Technology never stops evolving. From the creation of simple stone tools to complex integrated security systems, humanity is expanding technological boundaries. Nowhere is this felt more acutely than in the field of security.
Artificial Intelligence and Deep Learning
According to the Online Trust Alliance, global cyber incidents aimed at the business have almost doubled: from 82,000 in 2016 to 159,700 in 2017. Most of this was caused by ransomware and new attack methods.
What is the answer? Deep learning of artificial intelligence is the latest weapon in the war against cybercrime.
For example, AI Amplyfi in Wales already uses a machine learning approach to identify and neutralize online threats. “In cybersecurity, AI can automatically identify potentially malicious software behavior, attack vectors, and related anomalies in real-time, allowing a continuously adaptive defense mechanism to identify and shut down intrusions faster and easier than ever before,” says the CEO Amplyfi, Chris Ganje.
When choosing IT, more and more enterprises prefer cloud technologies, while the developers are moving from the cloud-first strategy to the cloud-only principle. In the future, the cloud will be the main way of IT consumption, but this process will stretch over many years, which will ensure stable growth in the IaaS and SaaS areas in the coming years. SaaS costs now exceed IaaS budgets, but the latter segment is growing faster.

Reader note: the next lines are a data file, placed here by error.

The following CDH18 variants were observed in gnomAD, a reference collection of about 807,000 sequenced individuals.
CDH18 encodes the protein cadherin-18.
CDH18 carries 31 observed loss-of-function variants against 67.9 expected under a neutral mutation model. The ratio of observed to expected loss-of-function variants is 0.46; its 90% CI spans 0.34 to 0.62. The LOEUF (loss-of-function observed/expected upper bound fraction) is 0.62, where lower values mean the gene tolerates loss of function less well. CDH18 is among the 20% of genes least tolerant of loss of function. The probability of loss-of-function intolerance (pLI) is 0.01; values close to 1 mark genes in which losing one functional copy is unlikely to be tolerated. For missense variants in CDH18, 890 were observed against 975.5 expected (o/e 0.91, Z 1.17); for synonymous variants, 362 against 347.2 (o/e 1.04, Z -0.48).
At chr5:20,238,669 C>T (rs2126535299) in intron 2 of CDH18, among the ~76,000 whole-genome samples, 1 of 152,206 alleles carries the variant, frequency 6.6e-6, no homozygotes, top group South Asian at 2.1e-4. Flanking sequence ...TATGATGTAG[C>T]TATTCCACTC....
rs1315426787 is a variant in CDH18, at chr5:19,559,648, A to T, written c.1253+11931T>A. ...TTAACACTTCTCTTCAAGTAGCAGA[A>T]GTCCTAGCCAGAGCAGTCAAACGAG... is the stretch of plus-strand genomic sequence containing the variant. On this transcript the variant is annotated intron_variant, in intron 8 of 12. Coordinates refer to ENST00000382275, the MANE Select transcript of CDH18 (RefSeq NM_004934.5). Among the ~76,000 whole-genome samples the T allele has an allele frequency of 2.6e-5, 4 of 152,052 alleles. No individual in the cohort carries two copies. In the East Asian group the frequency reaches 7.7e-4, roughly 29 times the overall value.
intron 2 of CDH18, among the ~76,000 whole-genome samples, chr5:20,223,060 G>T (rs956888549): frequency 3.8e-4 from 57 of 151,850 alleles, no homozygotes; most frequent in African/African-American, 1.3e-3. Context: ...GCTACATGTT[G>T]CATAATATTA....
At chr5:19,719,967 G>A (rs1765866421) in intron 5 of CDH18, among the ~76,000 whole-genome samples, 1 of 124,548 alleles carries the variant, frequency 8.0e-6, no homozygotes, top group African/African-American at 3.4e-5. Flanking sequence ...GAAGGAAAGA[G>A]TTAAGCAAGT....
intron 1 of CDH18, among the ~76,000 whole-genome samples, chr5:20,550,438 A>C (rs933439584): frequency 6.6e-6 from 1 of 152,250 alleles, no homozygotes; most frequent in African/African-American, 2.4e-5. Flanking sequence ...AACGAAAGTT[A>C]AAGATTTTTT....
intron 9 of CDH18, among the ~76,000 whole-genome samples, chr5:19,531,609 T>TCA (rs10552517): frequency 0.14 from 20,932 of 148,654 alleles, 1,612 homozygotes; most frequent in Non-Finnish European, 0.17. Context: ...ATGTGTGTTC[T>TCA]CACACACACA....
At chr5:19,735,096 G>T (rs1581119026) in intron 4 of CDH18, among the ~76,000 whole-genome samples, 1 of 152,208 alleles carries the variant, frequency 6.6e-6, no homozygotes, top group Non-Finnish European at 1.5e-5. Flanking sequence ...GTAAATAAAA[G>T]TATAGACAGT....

Organizations are switching to cloud-based strategies because of the complex benefits that clouds provide, including flexibility, scalability, profitability, innovation and business growth. Solving the security problems associated with running applications in a new environment requires a special approach. Many types of threats (network attacks, vulnerabilities in operating system applications, malicious software, etc.) have been studied extensively and protection tools have been developed for them, but they still need to be adapted for use in the cloud.
Research shows that attitudes toward authentication vary greatly. While the adoption of new forms of authentication, such as biometrics, is growing, there is also a cautious attitude towards them, especially among older people. We know that young people pay less attention to the traditional authentication system using passwords, which creates a problem for employers and businesses that control user access to data through passwords.
IBM advises organizations to adapt to these preferences by taking advantage of identification platforms that provide users with a choice between several authentication options.
In this way, smart machines, cloud technologies, and different authentication methods pave the way for a safer world.